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Is your personal life a threat to your nursing license?

As a nurse, you probably inherently know that certain behaviors can place you at risk for losing your nursing license. For example, you would likely never come to work intoxicated, steal medication from the drug room or purposely abuse a patient. However, did you know that certain behaviors that occur in the privacy of your own home can place your career in jeopardy?

It surprises many nurses to learn that the California Board of Registered Nursing does not exist to protect the licenses and careers of nurses. Rather, its duty is to protect the public by ensuring that you perform your nursing duties to the highest standards. The board will investigate and potentially prosecute any behavior on the part of a nurse that suggests a nurse may endanger patients or mar the public's trust in the profession, even if those behaviors do not happen within hospital walls.

Criminal activity off the clock

A nurse's alcoholism or chronic drug use may understandably trigger a board investigation into the nurse's fitness. However, what about a DUI? Many people who face DUI charges do not have substance abuse issues that would place patients in harm's way. Nevertheless, if a court convicts you of DUI, even your first and only impaired driving charge, it is possible that the board will view your actions as unprofessional, demonstrating a lack of concern for the welfare of others.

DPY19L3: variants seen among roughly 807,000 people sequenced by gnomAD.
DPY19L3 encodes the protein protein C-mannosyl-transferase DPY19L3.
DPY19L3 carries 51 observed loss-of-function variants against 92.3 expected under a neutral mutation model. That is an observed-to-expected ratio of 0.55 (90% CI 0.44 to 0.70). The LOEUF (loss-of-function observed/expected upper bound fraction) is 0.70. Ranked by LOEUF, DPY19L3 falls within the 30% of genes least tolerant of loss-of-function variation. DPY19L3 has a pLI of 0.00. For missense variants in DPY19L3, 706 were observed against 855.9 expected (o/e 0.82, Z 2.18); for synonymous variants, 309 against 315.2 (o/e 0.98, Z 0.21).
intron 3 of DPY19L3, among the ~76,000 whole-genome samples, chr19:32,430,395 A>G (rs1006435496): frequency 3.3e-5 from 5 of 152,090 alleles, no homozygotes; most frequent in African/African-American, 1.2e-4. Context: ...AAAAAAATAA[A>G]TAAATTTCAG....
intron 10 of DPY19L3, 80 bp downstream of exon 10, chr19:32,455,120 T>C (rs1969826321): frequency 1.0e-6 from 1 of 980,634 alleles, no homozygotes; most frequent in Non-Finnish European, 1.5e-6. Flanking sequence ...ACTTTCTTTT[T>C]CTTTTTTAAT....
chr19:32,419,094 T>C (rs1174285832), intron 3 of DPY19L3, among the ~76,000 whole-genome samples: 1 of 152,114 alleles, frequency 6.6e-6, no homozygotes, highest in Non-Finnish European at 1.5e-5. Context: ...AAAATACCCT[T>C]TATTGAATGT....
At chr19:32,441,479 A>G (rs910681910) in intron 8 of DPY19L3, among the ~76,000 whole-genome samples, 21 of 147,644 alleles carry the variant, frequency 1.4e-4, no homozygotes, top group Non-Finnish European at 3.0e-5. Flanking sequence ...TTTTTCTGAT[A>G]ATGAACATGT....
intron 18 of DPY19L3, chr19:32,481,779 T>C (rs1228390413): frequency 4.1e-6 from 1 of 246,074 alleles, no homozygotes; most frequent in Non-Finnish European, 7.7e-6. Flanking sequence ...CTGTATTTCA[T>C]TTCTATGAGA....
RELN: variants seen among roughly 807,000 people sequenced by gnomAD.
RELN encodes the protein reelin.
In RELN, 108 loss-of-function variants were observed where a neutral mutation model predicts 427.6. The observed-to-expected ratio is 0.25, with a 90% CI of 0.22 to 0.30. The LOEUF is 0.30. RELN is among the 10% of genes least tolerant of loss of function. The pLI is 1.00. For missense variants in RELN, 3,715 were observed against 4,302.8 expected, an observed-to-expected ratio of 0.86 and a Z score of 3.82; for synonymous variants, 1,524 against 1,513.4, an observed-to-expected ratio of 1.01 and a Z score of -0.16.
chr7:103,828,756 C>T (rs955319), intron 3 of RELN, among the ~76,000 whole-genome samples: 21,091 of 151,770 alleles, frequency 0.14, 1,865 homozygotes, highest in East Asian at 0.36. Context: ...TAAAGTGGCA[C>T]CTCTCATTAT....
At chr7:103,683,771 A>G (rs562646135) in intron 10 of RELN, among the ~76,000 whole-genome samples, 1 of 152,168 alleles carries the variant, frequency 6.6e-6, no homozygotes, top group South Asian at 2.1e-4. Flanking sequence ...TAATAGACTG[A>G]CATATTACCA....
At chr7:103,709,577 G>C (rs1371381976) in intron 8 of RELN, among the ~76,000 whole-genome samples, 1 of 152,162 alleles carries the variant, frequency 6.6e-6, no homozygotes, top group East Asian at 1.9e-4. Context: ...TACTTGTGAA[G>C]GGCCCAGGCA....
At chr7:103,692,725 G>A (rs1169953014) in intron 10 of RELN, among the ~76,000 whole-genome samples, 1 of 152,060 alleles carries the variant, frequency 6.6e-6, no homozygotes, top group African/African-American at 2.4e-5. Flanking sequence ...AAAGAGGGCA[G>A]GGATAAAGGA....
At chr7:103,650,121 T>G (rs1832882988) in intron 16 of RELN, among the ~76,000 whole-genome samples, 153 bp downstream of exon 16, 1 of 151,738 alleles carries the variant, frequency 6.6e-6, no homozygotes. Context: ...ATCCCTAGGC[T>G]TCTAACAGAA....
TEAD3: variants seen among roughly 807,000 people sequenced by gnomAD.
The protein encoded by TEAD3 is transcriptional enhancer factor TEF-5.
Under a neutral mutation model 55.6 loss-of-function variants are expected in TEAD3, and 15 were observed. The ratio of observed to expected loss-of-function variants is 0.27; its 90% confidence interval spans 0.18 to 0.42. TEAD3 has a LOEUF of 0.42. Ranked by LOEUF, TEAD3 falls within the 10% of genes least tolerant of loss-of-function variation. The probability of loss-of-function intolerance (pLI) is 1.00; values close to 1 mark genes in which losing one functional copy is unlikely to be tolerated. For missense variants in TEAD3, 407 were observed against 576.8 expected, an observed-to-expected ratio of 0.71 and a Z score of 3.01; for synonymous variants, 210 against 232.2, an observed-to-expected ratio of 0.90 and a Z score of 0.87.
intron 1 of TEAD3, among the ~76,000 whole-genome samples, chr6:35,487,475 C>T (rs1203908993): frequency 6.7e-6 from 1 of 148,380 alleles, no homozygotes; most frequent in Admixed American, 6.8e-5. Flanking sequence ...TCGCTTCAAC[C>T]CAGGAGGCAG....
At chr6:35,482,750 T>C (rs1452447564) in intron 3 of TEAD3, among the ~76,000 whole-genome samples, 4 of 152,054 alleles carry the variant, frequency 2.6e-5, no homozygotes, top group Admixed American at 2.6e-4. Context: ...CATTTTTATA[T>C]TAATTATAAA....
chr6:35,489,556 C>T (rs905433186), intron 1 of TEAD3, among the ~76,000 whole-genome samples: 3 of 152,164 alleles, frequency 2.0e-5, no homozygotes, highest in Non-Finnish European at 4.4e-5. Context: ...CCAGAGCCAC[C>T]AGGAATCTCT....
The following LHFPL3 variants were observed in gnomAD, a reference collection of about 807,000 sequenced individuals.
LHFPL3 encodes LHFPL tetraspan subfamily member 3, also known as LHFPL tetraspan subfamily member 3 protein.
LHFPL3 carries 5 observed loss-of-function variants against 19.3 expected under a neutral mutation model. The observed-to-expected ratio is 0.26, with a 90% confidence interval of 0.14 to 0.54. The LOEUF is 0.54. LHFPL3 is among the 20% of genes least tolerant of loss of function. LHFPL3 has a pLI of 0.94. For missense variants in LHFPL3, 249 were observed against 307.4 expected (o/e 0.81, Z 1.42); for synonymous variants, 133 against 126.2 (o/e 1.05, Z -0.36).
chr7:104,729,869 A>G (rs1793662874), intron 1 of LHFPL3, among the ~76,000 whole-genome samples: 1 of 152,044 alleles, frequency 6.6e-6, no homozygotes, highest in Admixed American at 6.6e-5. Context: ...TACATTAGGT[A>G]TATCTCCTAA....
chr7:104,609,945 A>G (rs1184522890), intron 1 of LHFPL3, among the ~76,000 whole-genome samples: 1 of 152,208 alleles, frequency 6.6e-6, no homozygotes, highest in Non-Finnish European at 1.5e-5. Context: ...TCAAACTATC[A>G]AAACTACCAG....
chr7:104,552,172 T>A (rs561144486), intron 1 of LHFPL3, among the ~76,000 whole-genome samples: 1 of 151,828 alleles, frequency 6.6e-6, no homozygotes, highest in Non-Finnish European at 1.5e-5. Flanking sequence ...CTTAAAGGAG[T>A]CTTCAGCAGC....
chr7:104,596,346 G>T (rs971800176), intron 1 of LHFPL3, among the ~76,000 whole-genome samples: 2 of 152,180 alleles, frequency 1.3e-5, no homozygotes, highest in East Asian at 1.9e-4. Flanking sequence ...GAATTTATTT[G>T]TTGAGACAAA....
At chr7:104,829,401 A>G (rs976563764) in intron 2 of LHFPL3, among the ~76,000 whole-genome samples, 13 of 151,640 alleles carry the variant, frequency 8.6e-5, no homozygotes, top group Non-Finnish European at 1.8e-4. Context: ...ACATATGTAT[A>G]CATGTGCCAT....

Other criminal convictions or no contest pleas that may result in a board investigation include:

  • Child support delinquency
  • Violation of restraining order
  • Tax delinquency
  • Fraud
  • Theft
  • Indecency
  • Stalking

Of course, offenses related to controlled substances may be especially difficult to defend before the nursing board since board members may see such violations as a reflection of your moral ability to administer medications to your patients.

Social media is not always so friendly

A serious element of your private life to consider is your use of social media. Many who believe their posts are personal and should not affect their professional lives are shocked to find themselves accused of violating patient privacy through Facebook posts. Even seemingly innocent and vague statuses about patients can lead to trouble, and certainly, the posting of a patient's picture on your social media can easily lead to disciplinary actions or worse.

Advocates for nurses recommend avoiding any social media references to the job or patients as the best way to prevent negative consequences. Even if you feel the urge to vent about your supervisor or co-workers, you may regret the outcome if the board summons you to answer accusations of unprofessional conduct. Nevertheless, in the event you must face a disciplinary hearing to defend your license, you have the right to seek legal counsel.

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Law Office of Zachary D. Wechsler

21515 Hawthorne Blvd., #610
Torrance, CA 90503

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